In the political arena, Bernie Sanders also has an aspirational message with: A Future To Believe In. Once again it is vague and you are free to fill in your own meaning and agree with it.

      Companies also do this with values statements that sound good, but really don’t mean anything. Here are some examples: Empowering Our Employees, Making a Difference, Operating With Integrity. Who could disagree with any of these? These all sound great, but are completely undefined and invite the reader to supply their own meaning.

      Unfortunately, their vague nature makes them useless as corporate values in any practical sense. For a political campaign it’s OK, but in business you don’t want your employees making up their own meanings to your values statements!

      Strategy #3 – Social Proof

      Social proof shows that other people are in agreement with your message and think it’s a good idea.

      The use of social proof creates a self-perpetuating cycle that provides even more certainty which provides more social proof which provides more certainty. You get the idea.

      One of the ways that Mr. Trump provided social proof was to go against the conventional strategy of having small town hall meetings where people could ask questions. Instead he opted for large rallies in arenas, stadiums, and other large venues.

      When people saw those huge crowds it reduced the perceived risk of agreeing and provided a lot of certainty for people who were undecided. The crowds create a “movement” that could be joined.

      What would it be like if there was a movement for your product or idea?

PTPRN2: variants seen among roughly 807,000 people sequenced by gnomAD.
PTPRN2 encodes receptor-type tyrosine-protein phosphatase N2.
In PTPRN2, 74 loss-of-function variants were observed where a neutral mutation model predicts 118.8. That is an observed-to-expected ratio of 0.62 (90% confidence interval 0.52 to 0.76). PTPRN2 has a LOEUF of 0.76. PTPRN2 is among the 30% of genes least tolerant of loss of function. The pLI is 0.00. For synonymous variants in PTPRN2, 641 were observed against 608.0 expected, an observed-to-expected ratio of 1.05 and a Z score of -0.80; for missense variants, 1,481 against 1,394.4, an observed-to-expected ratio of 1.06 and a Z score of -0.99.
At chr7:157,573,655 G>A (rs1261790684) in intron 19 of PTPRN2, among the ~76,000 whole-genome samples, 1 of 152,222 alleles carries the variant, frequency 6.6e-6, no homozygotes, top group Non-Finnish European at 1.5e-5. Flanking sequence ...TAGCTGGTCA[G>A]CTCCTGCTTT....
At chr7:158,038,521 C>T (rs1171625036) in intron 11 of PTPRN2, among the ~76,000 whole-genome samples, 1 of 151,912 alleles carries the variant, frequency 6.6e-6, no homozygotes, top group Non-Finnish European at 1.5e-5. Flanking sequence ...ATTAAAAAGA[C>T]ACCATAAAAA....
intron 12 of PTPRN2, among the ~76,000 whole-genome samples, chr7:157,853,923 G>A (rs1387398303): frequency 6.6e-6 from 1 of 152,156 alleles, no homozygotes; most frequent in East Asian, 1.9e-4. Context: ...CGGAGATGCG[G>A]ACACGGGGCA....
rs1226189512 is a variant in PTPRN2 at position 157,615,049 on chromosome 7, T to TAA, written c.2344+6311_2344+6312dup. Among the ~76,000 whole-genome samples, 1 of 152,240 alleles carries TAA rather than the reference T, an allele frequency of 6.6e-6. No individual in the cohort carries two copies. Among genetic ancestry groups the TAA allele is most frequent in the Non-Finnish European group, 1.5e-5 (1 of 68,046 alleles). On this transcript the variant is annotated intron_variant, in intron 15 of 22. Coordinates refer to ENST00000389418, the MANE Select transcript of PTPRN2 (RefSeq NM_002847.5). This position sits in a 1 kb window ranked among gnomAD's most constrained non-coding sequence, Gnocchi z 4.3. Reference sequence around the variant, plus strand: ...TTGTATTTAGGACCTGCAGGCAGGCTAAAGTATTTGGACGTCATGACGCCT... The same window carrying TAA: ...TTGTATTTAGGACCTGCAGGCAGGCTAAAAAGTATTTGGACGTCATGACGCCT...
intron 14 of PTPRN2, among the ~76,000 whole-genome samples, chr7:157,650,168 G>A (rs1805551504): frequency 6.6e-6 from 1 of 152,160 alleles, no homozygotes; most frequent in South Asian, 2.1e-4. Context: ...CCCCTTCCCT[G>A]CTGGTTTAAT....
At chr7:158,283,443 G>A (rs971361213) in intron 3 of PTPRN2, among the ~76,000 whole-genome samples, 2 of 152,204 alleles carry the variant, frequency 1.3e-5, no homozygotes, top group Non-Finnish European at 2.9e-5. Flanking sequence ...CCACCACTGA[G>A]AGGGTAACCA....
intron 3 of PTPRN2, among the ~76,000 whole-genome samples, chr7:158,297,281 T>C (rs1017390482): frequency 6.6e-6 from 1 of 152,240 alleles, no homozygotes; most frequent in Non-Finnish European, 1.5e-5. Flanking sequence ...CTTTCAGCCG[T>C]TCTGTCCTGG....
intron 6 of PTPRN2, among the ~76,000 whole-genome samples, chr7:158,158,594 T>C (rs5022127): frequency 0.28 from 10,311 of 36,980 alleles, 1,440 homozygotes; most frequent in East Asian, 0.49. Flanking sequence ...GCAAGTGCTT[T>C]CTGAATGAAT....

One of the ways you can do this in business is to constantly solicit testimonials from satisfied clients and customers. On my website, I publish almost a hundred testimonials from people who have used my products, consulting services, or seen me speak. This provides a lot of certainty for potential clients!

      Strategy #4 – Setting The Frame

      A “frame” tells people what to think about a subject before they get a chance to decide on a meaning for themselves.

      Once again, this strategy reinforces the certainty that Trump provides when he communicates.

      One of the ways he sets a frame is by labeling his competitors with derogatory nicknames. He called Ted Cruz “Lying” Ted. He called Marco Rubio “Little” Marco. He calls Hillary Clinton “Crooked” Hillary. You get the idea.

      He uses these negative single word frames to tell you what to think about these people.

      Of course this can also be used in a positive way by labeling yourself, your company, your products, and the people you love with positive frames. What would happen if you labeled your children as being “smart”?

      Or, what if you labeled your products as “the best”?

      Try it for yourself, and watch the magic!

      Putting It to Use

      Now that you have these four strategies, how can you use them to become a better communicator?

      Here are a few suggestions:

      • Get certainty by deciding what you want. Even if you aren’t sure what you want, decide anyhow and use it as the basis for your message. You can always change it later.
      • What aspirational message can you use to help people to agree with you?
      • How can you get and use testimonials to provide social proof for you, your products, your message?
      • What frame(s) can you use to make it easier for people to adopt your message?

      Put these four simple strategies to use, and enjoy the results!

      I look forward to hearing about your success.